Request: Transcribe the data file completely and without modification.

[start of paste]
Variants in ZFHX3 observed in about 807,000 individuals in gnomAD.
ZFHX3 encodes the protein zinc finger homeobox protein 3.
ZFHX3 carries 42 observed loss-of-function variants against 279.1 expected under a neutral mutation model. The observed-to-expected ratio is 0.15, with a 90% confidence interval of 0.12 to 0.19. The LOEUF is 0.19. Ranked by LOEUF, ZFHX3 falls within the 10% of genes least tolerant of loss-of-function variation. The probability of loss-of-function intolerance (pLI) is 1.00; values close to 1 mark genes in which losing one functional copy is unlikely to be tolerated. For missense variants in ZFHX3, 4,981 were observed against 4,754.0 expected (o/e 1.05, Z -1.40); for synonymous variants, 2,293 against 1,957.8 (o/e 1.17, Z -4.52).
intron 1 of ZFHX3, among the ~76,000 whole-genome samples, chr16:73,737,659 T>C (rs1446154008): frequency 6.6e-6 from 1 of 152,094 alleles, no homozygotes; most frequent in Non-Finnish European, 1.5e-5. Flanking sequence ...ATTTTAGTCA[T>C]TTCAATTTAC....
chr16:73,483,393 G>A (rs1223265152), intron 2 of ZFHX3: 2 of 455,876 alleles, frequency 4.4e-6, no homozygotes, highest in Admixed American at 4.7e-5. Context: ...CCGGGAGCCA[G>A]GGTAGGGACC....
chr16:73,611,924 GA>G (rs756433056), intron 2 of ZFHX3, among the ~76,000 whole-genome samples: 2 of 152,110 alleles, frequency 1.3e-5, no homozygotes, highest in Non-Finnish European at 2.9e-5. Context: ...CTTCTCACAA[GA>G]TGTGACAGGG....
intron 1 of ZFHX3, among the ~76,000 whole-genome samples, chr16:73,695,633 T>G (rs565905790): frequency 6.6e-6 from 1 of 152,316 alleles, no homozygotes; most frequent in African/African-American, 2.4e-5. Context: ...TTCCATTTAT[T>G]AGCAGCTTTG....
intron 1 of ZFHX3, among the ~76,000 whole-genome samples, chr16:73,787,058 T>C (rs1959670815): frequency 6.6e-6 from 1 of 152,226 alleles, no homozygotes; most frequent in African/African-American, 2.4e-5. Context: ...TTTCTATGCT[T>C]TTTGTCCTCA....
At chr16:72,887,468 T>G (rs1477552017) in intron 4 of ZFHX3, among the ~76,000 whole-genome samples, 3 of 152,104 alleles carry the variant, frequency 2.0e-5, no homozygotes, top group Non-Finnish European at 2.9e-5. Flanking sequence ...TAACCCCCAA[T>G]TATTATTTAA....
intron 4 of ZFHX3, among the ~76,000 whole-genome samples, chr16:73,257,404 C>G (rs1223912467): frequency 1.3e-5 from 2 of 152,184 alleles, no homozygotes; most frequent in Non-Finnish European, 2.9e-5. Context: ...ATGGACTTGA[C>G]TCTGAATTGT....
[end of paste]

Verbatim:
Variants in ZFHX3 observed in about 807,000 individuals in gnomAD.
ZFHX3 encodes the protein zinc finger homeobox protein 3.
ZFHX3 carries 42 observed loss-of-function variants against 279.1 expected under a neutral mutation model. The observed-to-expected ratio is 0.15, with a 90% confidence interval of 0.12 to 0.19. The LOEUF is 0.19. Ranked by LOEUF, ZFHX3 falls within the 10% of genes least tolerant of loss-of-function variation. The probability of loss-of-function intolerance (pLI) is 1.00; values close to 1 mark genes in which losing one functional copy is unlikely to be tolerated. For missense variants in ZFHX3, 4,981 were observed against 4,754.0 expected (o/e 1.05, Z -1.40); for synonymous variants, 2,293 against 1,957.8 (o/e 1.17, Z -4.52).
intron 1 of ZFHX3, among the ~76,000 whole-genome samples, chr16:73,737,659 T>C (rs1446154008): frequency 6.6e-6 from 1 of 152,094 alleles, no homozygotes; most frequent in Non-Finnish European, 1.5e-5. Flanking sequence ...ATTTTAGTCA[T>C]TTCAATTTAC....
chr16:73,483,393 G>A (rs1223265152), intron 2 of ZFHX3: 2 of 455,876 alleles, frequency 4.4e-6, no homozygotes, highest in Admixed American at 4.7e-5. Context: ...CCGGGAGCCA[G>A]GGTAGGGACC....
chr16:73,611,924 GA>G (rs756433056), intron 2 of ZFHX3, among the ~76,000 whole-genome samples: 2 of 152,110 alleles, frequency 1.3e-5, no homozygotes, highest in Non-Finnish European at 2.9e-5. Context: ...CTTCTCACAA[GA>G]TGTGACAGGG....
intron 1 of ZFHX3, among the ~76,000 whole-genome samples, chr16:73,695,633 T>G (rs565905790): frequency 6.6e-6 from 1 of 152,316 alleles, no homozygotes; most frequent in African/African-American, 2.4e-5. Context: ...TTCCATTTAT[T>G]AGCAGCTTTG....
intron 1 of ZFHX3, among the ~76,000 whole-genome samples, chr16:73,787,058 T>C (rs1959670815): frequency 6.6e-6 from 1 of 152,226 alleles, no homozygotes; most frequent in African/African-American, 2.4e-5. Context: ...TTTCTATGCT[T>C]TTTGTCCTCA....
At chr16:72,887,468 T>G (rs1477552017) in intron 4 of ZFHX3, among the ~76,000 whole-genome samples, 3 of 152,104 alleles carry the variant, frequency 2.0e-5, no homozygotes, top group Non-Finnish European at 2.9e-5. Flanking sequence ...TAACCCCCAA[T>G]TATTATTTAA....
intron 4 of ZFHX3, among the ~76,000 whole-genome samples, chr16:73,257,404 C>G (rs1223912467): frequency 1.3e-5 from 2 of 152,184 alleles, no homozygotes; most frequent in Non-Finnish European, 2.9e-5. Context: ...ATGGACTTGA[C>G]TCTGAATTGT....